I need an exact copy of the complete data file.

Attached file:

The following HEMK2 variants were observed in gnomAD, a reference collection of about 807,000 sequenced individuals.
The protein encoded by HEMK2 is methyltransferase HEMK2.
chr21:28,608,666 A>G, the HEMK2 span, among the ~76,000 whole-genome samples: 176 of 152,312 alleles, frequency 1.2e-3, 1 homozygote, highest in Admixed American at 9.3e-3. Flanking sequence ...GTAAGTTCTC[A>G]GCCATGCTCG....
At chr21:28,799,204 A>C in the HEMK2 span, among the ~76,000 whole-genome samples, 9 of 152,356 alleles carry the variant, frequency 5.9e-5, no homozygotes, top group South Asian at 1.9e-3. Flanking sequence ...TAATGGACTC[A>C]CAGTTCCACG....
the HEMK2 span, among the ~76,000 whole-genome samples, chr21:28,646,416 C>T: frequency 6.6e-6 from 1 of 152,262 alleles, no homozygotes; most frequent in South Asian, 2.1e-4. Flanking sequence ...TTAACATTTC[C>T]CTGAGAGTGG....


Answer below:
The following HEMK2 variants were observed in gnomAD, a reference collection of about 807,000 sequenced individuals.
The protein encoded by HEMK2 is methyltransferase HEMK2.
chr21:28,608,666 A>G, the HEMK2 span, among the ~76,000 whole-genome samples: 176 of 152,312 alleles, frequency 1.2e-3, 1 homozygote, highest in Admixed American at 9.3e-3. Flanking sequence ...GTAAGTTCTC[A>G]GCCATGCTCG....
At chr21:28,799,204 A>C in the HEMK2 span, among the ~76,000 whole-genome samples, 9 of 152,356 alleles carry the variant, frequency 5.9e-5, no homozygotes, top group South Asian at 1.9e-3. Flanking sequence ...TAATGGACTC[A>C]CAGTTCCACG....
the HEMK2 span, among the ~76,000 whole-genome samples, chr21:28,646,416 C>T: frequency 6.6e-6 from 1 of 152,262 alleles, no homozygotes; most frequent in South Asian, 2.1e-4. Flanking sequence ...TTAACATTTC[C>T]CTGAGAGTGG....